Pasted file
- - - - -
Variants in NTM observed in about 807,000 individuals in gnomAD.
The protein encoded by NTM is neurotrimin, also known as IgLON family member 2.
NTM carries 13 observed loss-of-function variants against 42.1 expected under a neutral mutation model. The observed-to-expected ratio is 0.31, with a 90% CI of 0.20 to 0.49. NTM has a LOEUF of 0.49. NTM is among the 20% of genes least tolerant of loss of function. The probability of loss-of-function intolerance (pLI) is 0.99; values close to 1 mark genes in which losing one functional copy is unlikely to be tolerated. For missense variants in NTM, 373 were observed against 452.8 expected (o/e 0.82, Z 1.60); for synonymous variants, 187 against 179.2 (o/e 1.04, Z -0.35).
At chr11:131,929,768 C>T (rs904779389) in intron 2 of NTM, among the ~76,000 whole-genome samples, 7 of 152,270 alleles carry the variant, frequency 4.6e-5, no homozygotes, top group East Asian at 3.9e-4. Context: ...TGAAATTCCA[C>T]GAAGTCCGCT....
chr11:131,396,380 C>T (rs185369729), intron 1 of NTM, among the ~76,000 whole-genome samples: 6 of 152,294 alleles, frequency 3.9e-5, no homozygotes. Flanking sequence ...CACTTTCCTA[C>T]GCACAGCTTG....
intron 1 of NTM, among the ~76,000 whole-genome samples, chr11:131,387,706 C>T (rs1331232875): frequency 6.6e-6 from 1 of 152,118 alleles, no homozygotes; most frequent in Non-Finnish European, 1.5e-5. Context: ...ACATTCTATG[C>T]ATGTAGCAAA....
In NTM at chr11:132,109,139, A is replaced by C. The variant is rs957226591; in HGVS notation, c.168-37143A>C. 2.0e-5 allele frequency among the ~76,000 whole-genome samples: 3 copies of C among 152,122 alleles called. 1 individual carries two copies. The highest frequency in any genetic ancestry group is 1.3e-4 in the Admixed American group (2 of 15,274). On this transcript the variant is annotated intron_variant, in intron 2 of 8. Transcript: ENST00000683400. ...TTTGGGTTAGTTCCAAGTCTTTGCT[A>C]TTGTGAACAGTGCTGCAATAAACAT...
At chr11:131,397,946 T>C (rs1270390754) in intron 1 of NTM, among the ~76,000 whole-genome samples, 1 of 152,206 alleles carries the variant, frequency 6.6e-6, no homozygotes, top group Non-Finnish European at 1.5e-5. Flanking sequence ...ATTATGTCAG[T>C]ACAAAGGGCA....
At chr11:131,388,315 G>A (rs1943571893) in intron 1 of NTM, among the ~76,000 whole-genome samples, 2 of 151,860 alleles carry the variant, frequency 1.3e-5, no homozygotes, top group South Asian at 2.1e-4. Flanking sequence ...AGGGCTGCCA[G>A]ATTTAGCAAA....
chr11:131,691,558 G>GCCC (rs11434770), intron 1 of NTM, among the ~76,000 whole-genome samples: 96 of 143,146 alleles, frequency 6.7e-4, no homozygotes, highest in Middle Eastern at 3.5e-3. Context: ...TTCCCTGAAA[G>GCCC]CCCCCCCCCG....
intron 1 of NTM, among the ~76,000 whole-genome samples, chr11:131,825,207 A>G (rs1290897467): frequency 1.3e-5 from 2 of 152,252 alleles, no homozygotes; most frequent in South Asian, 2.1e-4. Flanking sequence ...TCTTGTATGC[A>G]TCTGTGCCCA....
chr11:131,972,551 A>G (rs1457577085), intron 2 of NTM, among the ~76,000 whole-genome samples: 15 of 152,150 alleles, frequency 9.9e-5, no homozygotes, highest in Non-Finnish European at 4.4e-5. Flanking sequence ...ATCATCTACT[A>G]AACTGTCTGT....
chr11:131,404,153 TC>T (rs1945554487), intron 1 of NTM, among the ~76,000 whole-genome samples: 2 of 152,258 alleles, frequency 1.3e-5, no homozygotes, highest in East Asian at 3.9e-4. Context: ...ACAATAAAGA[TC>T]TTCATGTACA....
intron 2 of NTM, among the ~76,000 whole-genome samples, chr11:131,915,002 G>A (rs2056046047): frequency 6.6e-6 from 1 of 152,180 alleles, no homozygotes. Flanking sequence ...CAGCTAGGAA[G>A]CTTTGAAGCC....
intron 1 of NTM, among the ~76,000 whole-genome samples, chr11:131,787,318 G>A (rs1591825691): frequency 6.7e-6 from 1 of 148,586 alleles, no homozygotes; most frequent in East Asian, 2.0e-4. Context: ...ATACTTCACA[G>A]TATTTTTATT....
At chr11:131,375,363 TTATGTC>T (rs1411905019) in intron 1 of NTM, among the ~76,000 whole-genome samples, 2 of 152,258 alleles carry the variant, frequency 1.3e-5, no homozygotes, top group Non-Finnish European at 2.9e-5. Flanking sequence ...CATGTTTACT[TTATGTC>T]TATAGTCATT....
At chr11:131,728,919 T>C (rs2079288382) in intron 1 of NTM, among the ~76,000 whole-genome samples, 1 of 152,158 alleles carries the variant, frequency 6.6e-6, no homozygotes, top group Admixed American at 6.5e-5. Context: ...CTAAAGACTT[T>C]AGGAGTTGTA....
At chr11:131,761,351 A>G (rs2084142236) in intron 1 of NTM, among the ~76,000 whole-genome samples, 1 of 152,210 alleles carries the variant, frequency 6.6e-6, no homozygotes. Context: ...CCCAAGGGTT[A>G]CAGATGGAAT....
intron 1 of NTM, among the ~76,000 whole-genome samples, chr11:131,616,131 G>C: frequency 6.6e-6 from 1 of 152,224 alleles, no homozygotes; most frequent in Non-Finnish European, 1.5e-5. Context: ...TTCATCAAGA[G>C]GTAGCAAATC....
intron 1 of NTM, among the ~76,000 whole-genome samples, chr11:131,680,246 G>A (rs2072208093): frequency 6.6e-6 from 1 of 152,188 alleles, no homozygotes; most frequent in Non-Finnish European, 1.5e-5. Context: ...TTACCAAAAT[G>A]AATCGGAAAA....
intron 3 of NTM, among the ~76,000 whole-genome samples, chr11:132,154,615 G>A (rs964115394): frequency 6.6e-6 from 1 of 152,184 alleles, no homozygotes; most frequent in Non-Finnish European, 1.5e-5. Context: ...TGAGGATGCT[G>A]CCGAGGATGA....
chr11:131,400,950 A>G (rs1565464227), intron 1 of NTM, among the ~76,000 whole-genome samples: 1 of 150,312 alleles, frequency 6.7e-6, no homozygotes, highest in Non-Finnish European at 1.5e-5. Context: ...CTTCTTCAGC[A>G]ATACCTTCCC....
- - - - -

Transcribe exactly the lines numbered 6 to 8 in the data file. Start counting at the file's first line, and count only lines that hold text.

intron 1 of NTM, among the ~76,000 whole-genome samples, chr11:131,387,706 C>T (rs1331232875): frequency 6.6e-6 from 1 of 152,118 alleles, no homozygotes; most frequent in Non-Finnish European, 1.5e-5. Context: ...ACATTCTATG[C>T]ATGTAGCAAA....
In NTM at chr11:132,109,139, A is replaced by C. The variant is rs957226591; in HGVS notation, c.168-37143A>C. 2.0e-5 allele frequency among the ~76,000 whole-genome samples: 3 copies of C among 152,122 alleles called. 1 individual carries two copies. The highest frequency in any genetic ancestry group is 1.3e-4 in the Admixed American group (2 of 15,274). On this transcript the variant is annotated intron_variant, in intron 2 of 8. Transcript: ENST00000683400. ...TTTGGGTTAGTTCCAAGTCTTTGCT[A>C]TTGTGAACAGTGCTGCAATAAACAT...
At chr11:131,397,946 T>C (rs1270390754) in intron 1 of NTM, among the ~76,000 whole-genome samples, 1 of 152,206 alleles carries the variant, frequency 6.6e-6, no homozygotes, top group Non-Finnish European at 1.5e-5. Flanking sequence ...ATTATGTCAG[T>C]ACAAAGGGCA....